NJ9842, also called NJ 980420 (in full: NJ 38 98000, 13 42000, yard based Indian Grid Coordinates),[a] is the northernmost demarcated point of the India-Pakistan cease fire line in Kashmir known as the Line of Control (LoC). The India–Pakistan AGPL (Actual Ground Position Line), begins from the NJ9842 on LoC and ends near the Indira Ridge at the trijunction of areas controlled by China, India, and Pakistan.
As part of the Simla Agreement signed on 2 July 1972, prime ministers Indira Gandhi and Zulfikar Ali Bhutto agreed that "the line of control resulting from the ceasefire of December 17, 1971, shall be respected by both sides without prejudice to the recognised position of either side".
In November–December 1972, the military delegations of the two sides met in Suchetgarh to delineate the Line of Control. After delineation, signed maps were exchanged by the two sides and submitted to the respective governments for ratification. Scholar Brian Cloughley remarked that the delineation represented remarkable territorial precision. However, it terminated at the grid reference NJ9842, leaving undelimited roughly 60 to 75 km to the border with China.
The point NJ9842 is on the Saltoro Mountain Range, at the top of the Chalunka Lungpa valley that runs north from the village of Chalunka. The immediate south of the point is occupied by the Korisa Glacier, the source of the Chalunka Lungpa stream which flows into the Shyok River. To the southeast of NJ9842 is the Urdolep or Waris Glacier, which forms the source of the Waris Lungpa stream.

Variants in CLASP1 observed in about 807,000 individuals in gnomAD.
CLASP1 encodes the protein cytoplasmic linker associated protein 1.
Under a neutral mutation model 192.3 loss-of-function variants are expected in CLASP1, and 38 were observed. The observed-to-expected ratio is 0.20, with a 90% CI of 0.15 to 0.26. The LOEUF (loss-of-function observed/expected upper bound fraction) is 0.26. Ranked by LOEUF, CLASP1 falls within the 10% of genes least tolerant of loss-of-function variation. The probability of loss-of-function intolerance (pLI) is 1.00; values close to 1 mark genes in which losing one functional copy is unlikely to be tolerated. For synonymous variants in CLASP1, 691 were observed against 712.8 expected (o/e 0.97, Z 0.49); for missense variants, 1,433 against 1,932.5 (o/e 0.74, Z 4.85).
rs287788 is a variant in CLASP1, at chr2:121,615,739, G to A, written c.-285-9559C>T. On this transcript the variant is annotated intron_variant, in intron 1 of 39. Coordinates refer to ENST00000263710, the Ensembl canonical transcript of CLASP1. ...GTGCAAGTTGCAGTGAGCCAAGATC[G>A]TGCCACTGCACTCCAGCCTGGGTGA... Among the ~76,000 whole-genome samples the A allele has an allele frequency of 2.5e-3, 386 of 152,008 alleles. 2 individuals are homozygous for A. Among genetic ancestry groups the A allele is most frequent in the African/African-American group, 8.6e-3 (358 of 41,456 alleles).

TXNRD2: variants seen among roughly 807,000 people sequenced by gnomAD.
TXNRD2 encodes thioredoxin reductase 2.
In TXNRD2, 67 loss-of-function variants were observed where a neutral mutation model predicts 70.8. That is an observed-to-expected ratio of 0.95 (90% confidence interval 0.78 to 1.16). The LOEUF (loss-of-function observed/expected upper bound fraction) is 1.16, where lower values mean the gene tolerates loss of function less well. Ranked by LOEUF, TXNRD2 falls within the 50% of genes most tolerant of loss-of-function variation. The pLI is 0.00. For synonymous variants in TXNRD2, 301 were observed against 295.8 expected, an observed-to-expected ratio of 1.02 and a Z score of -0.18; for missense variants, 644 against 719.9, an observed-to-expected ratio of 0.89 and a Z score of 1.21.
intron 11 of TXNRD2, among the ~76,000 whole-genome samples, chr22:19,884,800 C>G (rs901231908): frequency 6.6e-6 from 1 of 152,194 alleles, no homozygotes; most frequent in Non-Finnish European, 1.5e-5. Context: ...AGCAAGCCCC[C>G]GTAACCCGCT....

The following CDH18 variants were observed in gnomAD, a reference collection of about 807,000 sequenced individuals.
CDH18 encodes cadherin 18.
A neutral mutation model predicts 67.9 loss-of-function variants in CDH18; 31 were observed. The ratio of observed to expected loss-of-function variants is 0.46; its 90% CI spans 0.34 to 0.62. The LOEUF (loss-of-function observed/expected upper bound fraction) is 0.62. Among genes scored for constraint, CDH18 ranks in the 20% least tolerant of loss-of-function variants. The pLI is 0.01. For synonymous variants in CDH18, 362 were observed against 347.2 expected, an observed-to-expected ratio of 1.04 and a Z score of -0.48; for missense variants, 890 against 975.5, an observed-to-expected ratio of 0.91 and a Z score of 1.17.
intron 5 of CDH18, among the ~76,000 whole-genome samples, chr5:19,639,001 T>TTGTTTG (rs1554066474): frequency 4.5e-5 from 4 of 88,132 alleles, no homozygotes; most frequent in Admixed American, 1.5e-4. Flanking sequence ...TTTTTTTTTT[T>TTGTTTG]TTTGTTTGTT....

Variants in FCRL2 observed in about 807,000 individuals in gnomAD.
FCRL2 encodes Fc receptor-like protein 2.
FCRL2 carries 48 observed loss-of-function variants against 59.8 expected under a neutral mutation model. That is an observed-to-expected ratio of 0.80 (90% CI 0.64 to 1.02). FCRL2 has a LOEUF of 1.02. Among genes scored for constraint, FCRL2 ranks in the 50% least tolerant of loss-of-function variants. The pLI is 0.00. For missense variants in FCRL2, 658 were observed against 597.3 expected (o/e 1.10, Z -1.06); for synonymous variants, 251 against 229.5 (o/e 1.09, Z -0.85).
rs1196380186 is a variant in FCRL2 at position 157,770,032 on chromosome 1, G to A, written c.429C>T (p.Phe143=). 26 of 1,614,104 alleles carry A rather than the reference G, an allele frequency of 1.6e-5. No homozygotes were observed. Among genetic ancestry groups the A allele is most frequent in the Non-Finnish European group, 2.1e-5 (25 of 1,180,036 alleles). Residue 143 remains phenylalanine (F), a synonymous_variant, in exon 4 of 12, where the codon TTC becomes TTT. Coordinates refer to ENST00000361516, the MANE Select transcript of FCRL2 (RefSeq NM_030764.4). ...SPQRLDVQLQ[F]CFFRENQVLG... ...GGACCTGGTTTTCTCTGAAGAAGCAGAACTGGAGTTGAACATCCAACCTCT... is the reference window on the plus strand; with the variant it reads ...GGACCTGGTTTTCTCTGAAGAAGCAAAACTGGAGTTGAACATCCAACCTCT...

To the north of the point are the Chulung Glacier, which is the source of the Dansam River (one of the feeder rivers of the Saltoro River), and the Gyong Glacier, which generates a tributary stream called Gyong, all in Pakistan-administered Kashmir.
The prevailing line of control, called the Actual Ground Position Line, runs northeast from NJ9842 for about 10 km, approximately along the water-parting line of the two sets of glaciers. Afterwards, it runs north roughly along the watershed line of the Saltoro ridge, which divides the waters of the tributaries of the Shyok River that flow into Pakistan-administered Kashmir from those that flow into the Nubra river and tributaries in Indian-administered Kashmir.
Even though several authors identify the point Khor of the 1949 cease-fire line with NJ9842, the two points are quite different. Khor is further south, in the grid 39 00000, 13 20000 of Indian grid coordinates, closer to the Shyok River valley. The move up from Khor to NJ9842 in 1972 represented in part the territory gained by India in the Indo-Pakistani War of 1971.[b]
AGPL runs along the Saltoro Mountains Range from Point NJ9842 on the India-Pakistan LoC to near La Yongma Ri, Gyong La, Gyong Kangri, Chumik Kangri, Bilafond La (pass) and nearby Bana Post, Saltoro Kangri, Ghent Kangri, and Sia La to the India–Pakistan–China trijunction northwest of Indira Col West on the Sino-Indian LAC. The peaks and passes under Pakistan's control such as Gayari Camp, Chogolisa, Baltoro Glacier, Conway Saddle, Baltoro Muztagh, and Gasherbrum lie west of the AGPL.